Did I screw this up? I don’t even know how this might have happened, so I’d like to learn. I’m trying out HostGator’s reseller service and I bought a domain name through it, but I didn’t want the default name servers and so I changed them during the registration. After registration the domain name record is correct everywhere except at whois-servers.net and whois.crsnic.net and it looks like the DNS network is using that same information.

$ whois -h whois.enom.com. example.com
Name Servers:
$ whois -h whois.crsnic.net. example.com
   Domain Name: EXAMPLE.COM
   Registrar: ENOM, INC.
   Whois Server: whois.enom.com
   Referral URL: http://www.enom.com
   Name Server: NS1.HOSTGATOR.COM
   Name Server: NS2.HOSTGATOR.COM
   Status: clientTransferProhibited
   Updated Date: 01-jun-2010
   Creation Date: 31-may-2010
   Expiration Date: 31-may-2011

>>> Last update of whois database: Tue, 01 Jun 2010 19:20:47 UTC <<<
    $ dig +norecurse @b.gtld-servers.net. example.com. NS
example.com.      172763  IN      NS      ns2.hostgator.com.
example.com.      172763  IN      NS      ns1.hostgator.com.

My next step is to let HostGator have a look, but first I want to better understand how this happened.


  • How long ago did you make the change it can take 24-48 hours for the who-is to update.
    – Campo
    Jun 1, 2010 at 19:52
  • I did it last night, but I've never had to wait more than four hours for any such change since about 2005.
    – danorton
    Jun 1, 2010 at 19:55
  • It’s probably not directly related, but it’s also interesting to note that ns2.hostgator.com isn’t actually resolved anywhere except in this glue record.
    – danorton
    Jun 1, 2010 at 19:57
  • have you tried to use your registrars who is? Do you get the same output? Does the site resolve using the correct name server? If its just the who is info and its not effecting the site then I would say wait a little longer and see if it changes. I agree it shouldn't take more than 4 hours and that's even pretty long. Check your TTL and you can try setting it lower to make the process a little quicker.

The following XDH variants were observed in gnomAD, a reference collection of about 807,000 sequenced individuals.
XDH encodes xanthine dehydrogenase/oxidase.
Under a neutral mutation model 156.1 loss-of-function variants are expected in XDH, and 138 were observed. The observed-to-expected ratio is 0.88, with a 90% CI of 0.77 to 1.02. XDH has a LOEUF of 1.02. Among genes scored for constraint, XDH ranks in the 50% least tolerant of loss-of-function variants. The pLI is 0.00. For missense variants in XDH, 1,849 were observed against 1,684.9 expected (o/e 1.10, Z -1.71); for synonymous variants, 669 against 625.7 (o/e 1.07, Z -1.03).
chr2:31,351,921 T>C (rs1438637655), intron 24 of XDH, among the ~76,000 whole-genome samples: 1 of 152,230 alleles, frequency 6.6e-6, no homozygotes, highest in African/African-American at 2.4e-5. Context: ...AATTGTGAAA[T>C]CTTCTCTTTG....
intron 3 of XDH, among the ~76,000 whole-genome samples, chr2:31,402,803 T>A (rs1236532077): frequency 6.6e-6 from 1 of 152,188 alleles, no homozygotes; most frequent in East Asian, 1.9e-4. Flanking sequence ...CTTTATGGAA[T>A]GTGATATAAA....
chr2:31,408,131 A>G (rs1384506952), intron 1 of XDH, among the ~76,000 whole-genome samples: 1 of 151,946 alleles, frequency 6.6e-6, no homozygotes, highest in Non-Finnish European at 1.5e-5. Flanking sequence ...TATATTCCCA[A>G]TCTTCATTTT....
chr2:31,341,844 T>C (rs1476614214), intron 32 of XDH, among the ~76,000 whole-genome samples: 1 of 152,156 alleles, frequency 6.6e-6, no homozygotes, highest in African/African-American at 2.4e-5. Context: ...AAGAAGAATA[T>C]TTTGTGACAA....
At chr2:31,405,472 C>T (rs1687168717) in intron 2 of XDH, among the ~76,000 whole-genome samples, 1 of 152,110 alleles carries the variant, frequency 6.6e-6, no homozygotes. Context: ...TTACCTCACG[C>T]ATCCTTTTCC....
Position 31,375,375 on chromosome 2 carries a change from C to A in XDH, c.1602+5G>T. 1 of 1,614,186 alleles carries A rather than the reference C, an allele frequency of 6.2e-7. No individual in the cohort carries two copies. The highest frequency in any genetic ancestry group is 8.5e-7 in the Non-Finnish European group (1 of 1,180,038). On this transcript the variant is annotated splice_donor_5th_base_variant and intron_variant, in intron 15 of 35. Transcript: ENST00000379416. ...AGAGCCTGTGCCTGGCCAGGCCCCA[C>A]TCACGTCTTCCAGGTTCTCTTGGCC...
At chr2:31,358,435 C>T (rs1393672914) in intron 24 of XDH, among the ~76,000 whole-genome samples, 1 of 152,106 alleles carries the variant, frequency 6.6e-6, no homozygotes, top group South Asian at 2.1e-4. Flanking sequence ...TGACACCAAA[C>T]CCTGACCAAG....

– Campo
    Jun 1, 2010 at 20:02
  • The registrar is enom. It’s the first output above and it’s correct. Beyond that, as the DNS network is wrong, the information at the correct nameserver is moot. In any case, I have confirmed that it is correct. If this is just a matter of waiting, I wonder who’s being so abnormally slow about this. eNom? HostGator? Simply bad luck?
    – danorton
    Jun 1, 2010 at 20:16

2 Answers 2


I would contact the registrar to ensure they actually pushed the change out to the root DNS servers and have the correct information on file. I haven't used HostGator specifically, but some of the registrar APIs that I've had to talk to in the past have been.... glitchy.

  • Thanks, Justin. It’s too late now to see any external evidence, so I’m going to conclude that HostGator got something out of sync. That their name servers themselves aren’t properly listed is a pretty big clue.
    – danorton
    Jun 4, 2010 at 12:45
  • Oh, and I used eNom’s web interface in a HostGator subaccount, so it wasn’t HostGator’s use of the API, anyway.
    – danorton
    Jun 4, 2010 at 12:52
  • 1
    You do not need to contact the registrar to check that... just query the registry authoritative DNS servers. May 6, 2017 at 11:45

The way it’s supposed to work is that when you update registration information for .COM, .NET, and .EDU domain names, the registrar should send the the new WHOIS information to CRSNIC. The problematic situation described above is one possible result when that transfer fails.

While it’s arguable that CRSNIC might have dropped the ball somewhere, eNom could have automatically checked to confirm that the CRSNIC record had been updated, and obviously didn’t.

I would conclude that eNom failed to properly transfer (and confirm the transfer of) the updated WHOIS name server information to CRSNIC.

  • 1
    Very confusing reply. CRSNIC is just an old alias of the registry for .COM/.NET and there is no "whois information", whois is a query protocol and interface. The registrar just send information to the registry, this is not called a transfer. And until now .COM/.NET is a thin registry so the registry has only information about nameservers, dates and statuses, nothing about contacts & such (that you do still see in a whois output) May 6, 2017 at 11:48

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